Just curious - who actually pays the bills in your house? I did it for about the first 15 years of our marriage. My husband always thought we had more money than we did. He could never understand where all the $$ went - even though I was basically paying the bills with not much spent on anything else unless it was a necessity. A few years ago, I asked him to start paying the bills which he did happily. Now he understands that his paycheck doesn't go quite as far as he thought it did.

Having said that, we're both pretty practical with $$ and neither of us has anything we spend $ on that could be considered a bad habit. It would definately get under my skin if I were in your situation. Maybe he needs a reality check of how much $ comes in and how much is spent over the course of a month. Try making a list of those exact things including what's spent on his little toys. Good luck!

Hi J.,

We are not quite in that situation, but my husband likes to spend a little more than I do--I used to spend all my money on books, but now that we are married and have children, I am pretty content to not spend money most of the time. His hobby is media, mostly music, and he used to come home feeling guilty and tell me he bought a CD. I pay the bills because he is not good with numbers and deadlines and I'm much more organized about it. We've also had our share of credit problems due to unemployment and low paying jobs, but we're mostly okay now.

What finally helped up (and he at least was in agreement with me, so it sounds like you're not there yet), was sitting down and discussing spending. I showed him our bills, our credit reports, our monthly income, etc. We both want a house someday and need to improve our credit, etc. We discussed how his job is difficult and has little about it that is rewarding and music has always been so important to him. We finally agreed on an amount that was reasonable (that we could afford and that, to him, was enough to indulge in his hobby and treat himself to a show once in a while), he has his own checking account and direct deposit "discriminatory" money, and he does not have to ask my permission to buy something, or call me and say "how much in the bank account," (since we only have one transaction register and I balance it), and he also uses that account for gifts for me (Mother's Day, birthday, Christmas), because he can transfer the amount we agree on for each other and I can't see where he bought my gifts. It has its ups and downs, but it has worked out better for us.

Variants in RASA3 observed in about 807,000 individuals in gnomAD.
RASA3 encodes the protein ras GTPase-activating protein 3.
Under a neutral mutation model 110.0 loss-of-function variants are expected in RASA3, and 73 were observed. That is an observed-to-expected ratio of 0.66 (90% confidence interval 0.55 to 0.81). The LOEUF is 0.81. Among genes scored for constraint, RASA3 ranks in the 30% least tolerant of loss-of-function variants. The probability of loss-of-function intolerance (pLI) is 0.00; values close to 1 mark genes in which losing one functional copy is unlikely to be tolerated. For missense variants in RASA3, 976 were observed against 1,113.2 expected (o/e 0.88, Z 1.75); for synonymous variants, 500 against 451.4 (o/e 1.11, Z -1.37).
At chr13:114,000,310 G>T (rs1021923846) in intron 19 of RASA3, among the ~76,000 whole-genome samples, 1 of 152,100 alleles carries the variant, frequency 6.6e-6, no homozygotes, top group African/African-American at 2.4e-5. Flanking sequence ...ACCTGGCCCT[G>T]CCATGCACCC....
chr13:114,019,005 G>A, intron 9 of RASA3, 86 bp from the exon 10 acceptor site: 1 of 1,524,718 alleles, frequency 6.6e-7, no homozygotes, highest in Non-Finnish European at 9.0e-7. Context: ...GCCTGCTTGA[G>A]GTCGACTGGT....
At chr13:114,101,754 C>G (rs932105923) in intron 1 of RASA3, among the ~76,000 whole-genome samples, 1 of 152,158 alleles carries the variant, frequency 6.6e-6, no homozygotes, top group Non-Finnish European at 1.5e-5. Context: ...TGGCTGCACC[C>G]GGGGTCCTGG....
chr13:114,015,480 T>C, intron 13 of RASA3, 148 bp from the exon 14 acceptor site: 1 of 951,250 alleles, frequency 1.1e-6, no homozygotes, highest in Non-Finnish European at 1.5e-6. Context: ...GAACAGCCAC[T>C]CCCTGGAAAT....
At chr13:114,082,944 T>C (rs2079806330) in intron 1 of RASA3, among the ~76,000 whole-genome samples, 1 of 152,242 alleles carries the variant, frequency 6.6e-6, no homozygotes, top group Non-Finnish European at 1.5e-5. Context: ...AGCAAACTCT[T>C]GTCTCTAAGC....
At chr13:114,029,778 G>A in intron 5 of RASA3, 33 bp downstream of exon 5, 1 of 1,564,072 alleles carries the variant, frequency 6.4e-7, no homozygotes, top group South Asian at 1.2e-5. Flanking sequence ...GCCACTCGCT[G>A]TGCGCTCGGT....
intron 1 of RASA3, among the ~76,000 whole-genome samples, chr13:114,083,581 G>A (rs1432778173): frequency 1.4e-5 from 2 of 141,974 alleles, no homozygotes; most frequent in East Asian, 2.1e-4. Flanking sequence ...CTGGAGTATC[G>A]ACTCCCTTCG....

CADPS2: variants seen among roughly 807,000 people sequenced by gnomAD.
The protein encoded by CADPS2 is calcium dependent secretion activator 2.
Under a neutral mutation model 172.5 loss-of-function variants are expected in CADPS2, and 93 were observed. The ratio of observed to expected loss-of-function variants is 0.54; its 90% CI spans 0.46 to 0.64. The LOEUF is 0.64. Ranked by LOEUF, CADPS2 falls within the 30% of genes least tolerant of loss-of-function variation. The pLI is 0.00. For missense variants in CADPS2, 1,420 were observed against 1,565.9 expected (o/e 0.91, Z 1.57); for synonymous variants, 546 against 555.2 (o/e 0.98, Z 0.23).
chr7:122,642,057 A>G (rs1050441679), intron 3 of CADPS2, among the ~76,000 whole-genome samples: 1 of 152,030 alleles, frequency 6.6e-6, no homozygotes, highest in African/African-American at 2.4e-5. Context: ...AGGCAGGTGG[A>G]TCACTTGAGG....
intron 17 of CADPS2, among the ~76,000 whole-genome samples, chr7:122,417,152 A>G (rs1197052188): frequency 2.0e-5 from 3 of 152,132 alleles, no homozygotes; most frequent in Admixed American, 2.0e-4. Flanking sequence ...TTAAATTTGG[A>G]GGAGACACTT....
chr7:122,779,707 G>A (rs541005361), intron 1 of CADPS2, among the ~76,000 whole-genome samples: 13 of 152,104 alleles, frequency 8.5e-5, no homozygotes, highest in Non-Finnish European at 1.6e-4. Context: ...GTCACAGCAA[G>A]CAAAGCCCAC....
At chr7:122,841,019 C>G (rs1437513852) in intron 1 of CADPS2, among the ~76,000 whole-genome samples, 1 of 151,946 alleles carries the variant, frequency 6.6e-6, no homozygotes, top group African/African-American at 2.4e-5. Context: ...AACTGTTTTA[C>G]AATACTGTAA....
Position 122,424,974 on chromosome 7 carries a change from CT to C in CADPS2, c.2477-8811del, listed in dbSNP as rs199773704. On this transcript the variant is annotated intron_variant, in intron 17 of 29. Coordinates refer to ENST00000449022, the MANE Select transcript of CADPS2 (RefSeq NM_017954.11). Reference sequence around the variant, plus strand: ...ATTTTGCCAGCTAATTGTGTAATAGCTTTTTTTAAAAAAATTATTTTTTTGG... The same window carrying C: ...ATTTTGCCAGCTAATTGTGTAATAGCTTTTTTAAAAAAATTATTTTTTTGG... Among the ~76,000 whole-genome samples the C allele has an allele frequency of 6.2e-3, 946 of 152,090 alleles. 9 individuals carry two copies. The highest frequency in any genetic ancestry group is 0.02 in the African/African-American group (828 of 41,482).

If you do not spend money at all, maybe you should also open your own "spending" account with a similar deposit. That was one other thing my husband hated--that he really wanted to enjoy his hobby but felt even guiltier because I would refuse to buy a dish drainer I liked because it cost $7 and we had a perfectly good Dollar Store one at home. If you have your own funds that do not come from a bill payment or grocery account, you can save it, or treat yourself once in a while and it might help him moderate his spending a bit. If he knows you won't treat yourself because he overdoes it on himself, maybe he would be more open to adjusting his spending. Whatever you do, if he is not financially gifted, do not villainize him or make him feel like he is the cause of any problems--try to see it as a joint effort, your goals as joint as well. Show him what you could do with savings over time and how that will bring you closer to your goals and make sure they are his goals as well. You can also see financial counselors who might help you both work through your issues as a couple.